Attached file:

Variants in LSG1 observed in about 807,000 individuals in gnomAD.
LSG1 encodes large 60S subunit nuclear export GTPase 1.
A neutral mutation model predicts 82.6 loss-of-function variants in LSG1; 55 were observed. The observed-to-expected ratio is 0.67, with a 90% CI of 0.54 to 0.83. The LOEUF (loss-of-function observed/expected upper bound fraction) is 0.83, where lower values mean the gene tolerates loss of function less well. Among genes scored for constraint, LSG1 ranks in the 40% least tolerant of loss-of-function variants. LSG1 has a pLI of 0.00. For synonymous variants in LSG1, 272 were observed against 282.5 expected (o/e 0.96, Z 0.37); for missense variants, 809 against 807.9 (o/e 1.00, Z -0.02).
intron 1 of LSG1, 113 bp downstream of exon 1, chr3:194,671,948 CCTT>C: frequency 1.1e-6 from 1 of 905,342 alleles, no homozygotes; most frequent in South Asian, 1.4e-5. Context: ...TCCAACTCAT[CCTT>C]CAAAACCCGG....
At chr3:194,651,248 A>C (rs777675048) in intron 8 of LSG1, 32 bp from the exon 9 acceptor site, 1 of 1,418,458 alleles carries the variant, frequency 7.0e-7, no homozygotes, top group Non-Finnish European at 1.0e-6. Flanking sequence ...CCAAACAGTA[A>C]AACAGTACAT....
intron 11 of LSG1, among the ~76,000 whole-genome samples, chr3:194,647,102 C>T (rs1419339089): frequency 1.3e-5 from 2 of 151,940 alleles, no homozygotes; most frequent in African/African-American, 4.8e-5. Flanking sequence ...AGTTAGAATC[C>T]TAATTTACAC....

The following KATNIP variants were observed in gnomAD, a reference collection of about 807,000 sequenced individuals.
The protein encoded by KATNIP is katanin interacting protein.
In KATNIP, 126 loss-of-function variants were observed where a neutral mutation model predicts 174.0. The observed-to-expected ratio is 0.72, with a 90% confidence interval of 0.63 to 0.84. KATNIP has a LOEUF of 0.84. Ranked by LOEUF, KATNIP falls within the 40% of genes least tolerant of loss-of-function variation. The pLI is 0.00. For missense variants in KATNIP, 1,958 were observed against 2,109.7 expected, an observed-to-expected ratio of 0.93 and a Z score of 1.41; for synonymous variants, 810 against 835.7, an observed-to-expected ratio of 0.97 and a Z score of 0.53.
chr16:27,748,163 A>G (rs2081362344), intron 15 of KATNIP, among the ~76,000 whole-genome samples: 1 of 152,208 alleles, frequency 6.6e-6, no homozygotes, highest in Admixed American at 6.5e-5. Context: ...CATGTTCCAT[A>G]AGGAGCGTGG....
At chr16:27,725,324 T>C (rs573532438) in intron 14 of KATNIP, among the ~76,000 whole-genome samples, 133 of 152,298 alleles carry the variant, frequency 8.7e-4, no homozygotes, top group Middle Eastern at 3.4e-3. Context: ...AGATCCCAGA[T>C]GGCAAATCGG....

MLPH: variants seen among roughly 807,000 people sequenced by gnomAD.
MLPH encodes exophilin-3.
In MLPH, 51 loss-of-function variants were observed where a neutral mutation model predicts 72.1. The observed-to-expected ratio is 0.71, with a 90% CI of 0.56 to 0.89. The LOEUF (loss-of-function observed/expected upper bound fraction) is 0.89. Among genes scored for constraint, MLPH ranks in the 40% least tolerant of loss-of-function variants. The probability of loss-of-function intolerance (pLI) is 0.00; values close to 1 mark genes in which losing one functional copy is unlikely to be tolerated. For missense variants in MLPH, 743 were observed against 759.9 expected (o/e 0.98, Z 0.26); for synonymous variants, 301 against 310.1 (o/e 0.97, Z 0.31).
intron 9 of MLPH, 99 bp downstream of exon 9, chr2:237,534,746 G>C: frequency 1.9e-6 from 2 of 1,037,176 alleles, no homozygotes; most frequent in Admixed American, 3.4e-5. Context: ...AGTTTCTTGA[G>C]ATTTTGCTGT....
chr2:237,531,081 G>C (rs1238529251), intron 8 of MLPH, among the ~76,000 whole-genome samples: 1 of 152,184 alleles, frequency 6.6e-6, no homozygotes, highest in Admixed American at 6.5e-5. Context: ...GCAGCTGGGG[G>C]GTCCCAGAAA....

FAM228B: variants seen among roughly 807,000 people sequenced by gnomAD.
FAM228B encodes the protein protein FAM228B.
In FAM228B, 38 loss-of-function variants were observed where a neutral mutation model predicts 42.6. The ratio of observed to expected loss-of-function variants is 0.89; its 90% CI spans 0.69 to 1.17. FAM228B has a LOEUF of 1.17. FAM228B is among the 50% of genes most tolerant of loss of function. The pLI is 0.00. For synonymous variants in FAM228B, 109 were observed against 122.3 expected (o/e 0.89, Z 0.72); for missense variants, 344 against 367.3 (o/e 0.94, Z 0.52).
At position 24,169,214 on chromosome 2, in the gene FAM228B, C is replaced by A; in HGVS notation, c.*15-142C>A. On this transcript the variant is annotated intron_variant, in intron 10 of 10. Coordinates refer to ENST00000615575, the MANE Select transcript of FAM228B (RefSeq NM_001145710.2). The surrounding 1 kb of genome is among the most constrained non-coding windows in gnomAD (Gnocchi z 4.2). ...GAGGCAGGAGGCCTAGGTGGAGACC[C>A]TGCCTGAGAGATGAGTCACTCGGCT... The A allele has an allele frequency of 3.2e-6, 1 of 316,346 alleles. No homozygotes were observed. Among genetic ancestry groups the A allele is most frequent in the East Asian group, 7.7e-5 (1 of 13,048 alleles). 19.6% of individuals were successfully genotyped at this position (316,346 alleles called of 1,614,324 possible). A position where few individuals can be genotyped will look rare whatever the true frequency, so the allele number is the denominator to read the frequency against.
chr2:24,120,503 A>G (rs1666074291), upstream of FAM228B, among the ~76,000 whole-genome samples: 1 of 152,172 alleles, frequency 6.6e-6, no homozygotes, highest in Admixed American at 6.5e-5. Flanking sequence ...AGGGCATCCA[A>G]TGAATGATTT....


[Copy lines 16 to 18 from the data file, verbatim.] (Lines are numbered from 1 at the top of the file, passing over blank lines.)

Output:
chr2:237,531,081 G>C (rs1238529251), intron 8 of MLPH, among the ~76,000 whole-genome samples: 1 of 152,184 alleles, frequency 6.6e-6, no homozygotes, highest in Admixed American at 6.5e-5. Context: ...GCAGCTGGGG[G>C]GTCCCAGAAA....

FAM228B: variants seen among roughly 807,000 people sequenced by gnomAD.
FAM228B encodes the protein protein FAM228B.